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Symbols and Reality

By D. R. Sharma

Owen Symbols have always been an integral part of man's life. We have symbols in every walk of life; some are obvious, others not even though in every day use. In this modern world every organization public or private attempts to have a unique and distinctive identity by creating a symbol in the form of a logo or emblem. By very definition a symbol represents something that may be physical or even nonphysical such as an idea or a concept. It is not the "thing in itself," the substance or reality behind it. As long as the distinction between the symbol and the substance is clearly understood the use of symbol serves its purpose. The problem comes when it is confused with the substance. This occurs most frequently when a symbol represents something nonphysical; we find it happening in almost every human activity. For example, when we are reading a book or a newspaper we are hardly aware of the fact that the letters and words are only symbols that convey ideas through the medium of a particular language. In fact each letter forming the words on the pages is a symbol for a particular sound. The letter in itself means nothing. The same is true for numbers; there is nothing seven-like in number seven. It is just a symbol written in a certain way in a given language. Languages are man made and, in general, everything that is man made is a symbol for some idea.

When the symbol takes the identity of the real thing it results in a degeneration of the original idea and its very purpose is lost. The form becomes the substance and the principle becomes a dogma. The individual loses the ability of rational thinking which in turn stunts personal growth.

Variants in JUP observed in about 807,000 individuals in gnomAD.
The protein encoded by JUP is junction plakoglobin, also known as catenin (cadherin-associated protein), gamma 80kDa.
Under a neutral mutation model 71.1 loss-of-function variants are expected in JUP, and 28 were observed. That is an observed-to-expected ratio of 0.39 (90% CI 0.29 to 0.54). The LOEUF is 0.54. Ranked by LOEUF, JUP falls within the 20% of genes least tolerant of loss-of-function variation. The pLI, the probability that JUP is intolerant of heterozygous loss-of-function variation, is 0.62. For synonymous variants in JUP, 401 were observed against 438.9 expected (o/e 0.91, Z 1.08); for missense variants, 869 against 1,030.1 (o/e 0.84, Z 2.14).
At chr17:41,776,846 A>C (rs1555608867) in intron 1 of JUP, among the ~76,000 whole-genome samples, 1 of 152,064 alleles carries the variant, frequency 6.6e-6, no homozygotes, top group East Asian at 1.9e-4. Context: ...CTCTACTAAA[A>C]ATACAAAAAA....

It is also important to remember that the symbol itself may not be physical. Statues are physical but institutions as symbols are not. For example schools, colleges, and universities are symbols for education as a concept. A government is a symbol for the concept of running the affairs of the country according to some well-defined principles. A religion is a symbol for the spiritual development of groups of people. Each one of the institutions may have its own distinctive symbols to depict things within it. Symbols can also be in the form of actions such as rituals prescribed within a religion. Everything symbolic has a concept behind it and it is for the individual looking at the symbol to keep that in focus.

Every symbol starts as an image in the mind of the creator while thinking about the concept he wants to illustrate. An inherent characteristic of the human (perhaps any) mind is that a thought is always accompanied by an image. The image is then given a physical form and becomes a specific object. In some cases it is taken to be real as in the case of a photograph. Looking at the photograph of a person one often identifies it as the real person knowing fully well that it is only a piece of paper depicting the person's image at a given time and place. A similar situation occurs in the case of image worship in religions. An image is simply a symbol for the god or goddess it represents; it is not the god or goddess. Unless the worshipper is aware of this the worship becomes a mechanical function devoid of any significance.

Symbols and Self-development
Now what significance does this relationship between symbol and reality have in the context of self-development? We shall consider a few examples here to answer this question. First we consider personal relationships of which marriage is the most intimate. Even the word marriage is a symbol representing a special relationship between two people of opposite sex, a union of two souls. It is the beginning of a lifelong relationship that has to be developed with mutual faith and respect. Looking at the number of marriages that end in divorce it would seem that very few couples understand the real concept of marriage. They may profess to be in love without realizing the true meaning of love. Love is the most noble of human emotions and true love is not based on mere physical attraction.

In the old days of matchmaking and arranged marriages there was no mention of love as such; love was supposed to start and grow from the union. Instead there was devotion and moral strength gained from a complete understanding of mutual responsibility. There were no undue expectations, just a determination to dedicate one's life to another for the betterment of both. In particular the bride's virtues had endurance far greater than that of physical attraction. With time the lust and passion would dwindle but they would have something more substantial to keep the bond in place. We cannot go back to those old practices now but it would help if people remember and try to inculcate those values.